However sharply and firmly opposing the U.S. invasion of Iraq — and now the real threats against Iran — does not require the slightest misrepresentation of often-ugly regimes as somehow “progressive” and “anti-imperialist.”
It is possible to simply say “we must not support big dogs brutalizing small dogs.”
Ahmadinejad, himself born into rural poverty, clearly has the support of the poorer classes, especially in the countryside, where nearly half the population lives. Why? In part because he pays attention to them, makes sure they receive some benefits from the government and treats them and their religious views and traditions with respect. Mousavi, on the other hand, the son of an urban merchant, clearly appeals more to the urban middle classes, especially the college-educated youth… Why is there so little discussion of the issue of class in this election?… I’m a worker, and a former union organizer. When I watched the videos and viewed the photos of the pro-Mousavi rallies in Tehran and other cities, I didn’t feel elated – I felt a chill.
There is no reason we should adopt such crude reductionist class politics. Often hangmen and butchers are elevated from among the poor — while lofty revolutionaries often emerged from among the more educated.
The changes the world needs will not be wrung out of surly revenge populism or trumpeting most backward sentiments found among the rural poor. It will come from a fusion of history’s most enlightened thinking with the radicalism of a movement truly serving the oppressed.
You write that Ahmadinejad treats ” religious views and traditions with respect.” Is that what you call a theocracy? “Respect” for the poor?
Here in the U.S., the ugliest Christian fundamentalist forces also play at populist “cultural wars” — raging against the “elites” of New York, and the supposed anti-biblical arrogance of the college educated. Anti-semitism has always played on a hatred of the rich and cosmopolitan. Similar “respect” for the most backward of America’s rural culture would leave women barefoot and pregnant, and Black people facing separate water fountains.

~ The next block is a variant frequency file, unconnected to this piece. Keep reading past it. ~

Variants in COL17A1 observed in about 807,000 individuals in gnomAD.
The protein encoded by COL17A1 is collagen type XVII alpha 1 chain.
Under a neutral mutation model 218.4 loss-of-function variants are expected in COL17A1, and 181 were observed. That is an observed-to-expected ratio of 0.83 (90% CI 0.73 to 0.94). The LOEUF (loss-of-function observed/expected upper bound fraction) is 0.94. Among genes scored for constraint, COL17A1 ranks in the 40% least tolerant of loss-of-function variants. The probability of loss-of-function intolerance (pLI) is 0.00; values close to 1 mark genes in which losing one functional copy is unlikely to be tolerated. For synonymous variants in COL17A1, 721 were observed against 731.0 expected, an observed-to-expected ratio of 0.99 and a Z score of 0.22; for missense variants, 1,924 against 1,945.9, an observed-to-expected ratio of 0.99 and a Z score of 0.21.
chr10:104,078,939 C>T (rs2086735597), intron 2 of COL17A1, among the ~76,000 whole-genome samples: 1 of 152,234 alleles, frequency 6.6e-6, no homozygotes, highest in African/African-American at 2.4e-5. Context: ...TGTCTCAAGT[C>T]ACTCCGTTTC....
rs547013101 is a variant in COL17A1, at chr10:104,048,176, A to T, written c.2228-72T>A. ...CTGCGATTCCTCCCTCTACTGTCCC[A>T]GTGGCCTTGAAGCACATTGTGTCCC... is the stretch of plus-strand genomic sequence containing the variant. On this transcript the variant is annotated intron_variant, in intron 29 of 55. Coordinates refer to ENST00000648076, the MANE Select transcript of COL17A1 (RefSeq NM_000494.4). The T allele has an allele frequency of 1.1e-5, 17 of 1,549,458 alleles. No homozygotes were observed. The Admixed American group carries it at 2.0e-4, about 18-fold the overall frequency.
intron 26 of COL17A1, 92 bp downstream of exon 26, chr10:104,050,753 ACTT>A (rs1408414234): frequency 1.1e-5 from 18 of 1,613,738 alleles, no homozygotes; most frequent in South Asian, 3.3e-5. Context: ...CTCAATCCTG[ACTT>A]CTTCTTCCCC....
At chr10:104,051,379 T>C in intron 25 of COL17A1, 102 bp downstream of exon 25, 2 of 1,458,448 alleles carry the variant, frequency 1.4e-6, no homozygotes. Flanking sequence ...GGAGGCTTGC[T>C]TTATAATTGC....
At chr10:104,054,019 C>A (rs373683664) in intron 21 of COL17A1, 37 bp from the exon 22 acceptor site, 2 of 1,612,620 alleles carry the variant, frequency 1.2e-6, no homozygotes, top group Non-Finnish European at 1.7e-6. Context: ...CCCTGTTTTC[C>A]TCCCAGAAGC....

I spent years as a communist organizer in the coalfields of America’s rural bible belt and understand well how fundamentalist religion is exploited for sinister purposes. And I feel no “chill” when anti-government actions erupt first among the urban and educated. That’s how new politics and movements often erupt.
Perhaps your view of socialist politics requires a kneejerk hostility toward the middle classes, toward college students, or toward bohemians and yuppies. But there is no reason to embrace those prejudices.
“A big issue in …is how to interpret Article 44 of the country’s constitution. That article states that the economy must consist of three sectors: state-owned, cooperative and private, and that “all large-scale and mother industries” are to be entirely owned by the state…. In 2004, Article 44 was amended to allow for some privatization. Just how much, and how swiftly that process should proceed, is a fundamental dividing line in Iranian politics. Mousavi has promised to speed up the privatization process. And when he first announced he would run for the presidency, he called for moving away from an “alms-based “ economy (PressTV, 4/13/09), an obvious reference to Ahmadinejad’s policies of providing services and benefits to the poor.”
You see the struggle between state capitalism and privatization as some big dividing line. But capitalism reorganizes itself constantly — with different trends and fashions emerging to serve the restructuring of the moment.
Ahmadinejad’s policies provide some “services and benefits” to the poor? Perhaps. That kind of paternalistic trickledown is a quite common technique for the political stabilization of resource-rich countries — certainly Kuwait and Saudi Arabia are good examples. Or Saddam Hussein’s Iraq. So what? Does such that make them less reactionary? More anti-capitalist? More defensible? Less odious?
The whole idea that tossing Ahmadinejad out of office would make it easier to change U.S. policy toward Iran is, in my opinion, very naive.
I have not heard anyone put forward this naive argument — i.e. I suspect it is a straw man.
My personal enthusiasm for the upsurge in Iran is that it carries with it possibilities for the development of a new revolutionary generation there — which may accomplish much in the future.
Further: The 1980s combination of U.S./CIA support for the Afghanistan fundamentalists killers and the rise of Islamist theocracy in Iran did much to boost reactionary fundamentalist politics over secular leftist politics in major parts of the world. And I believe that the popular discrediting of Iran’s Islamic dictatorship will help undermine and reverse that influence of politicized Islam globally — and help open more openings for more secular and revolutionary popular movements.
And finally, as a basic stand rooted in a whole structure of analysis, I believe we should affirm that it is just when people rebel against reactionaries. And people rising up should not stand alone.
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Posted by nickglais on 6/23/2009 12:03:00 PM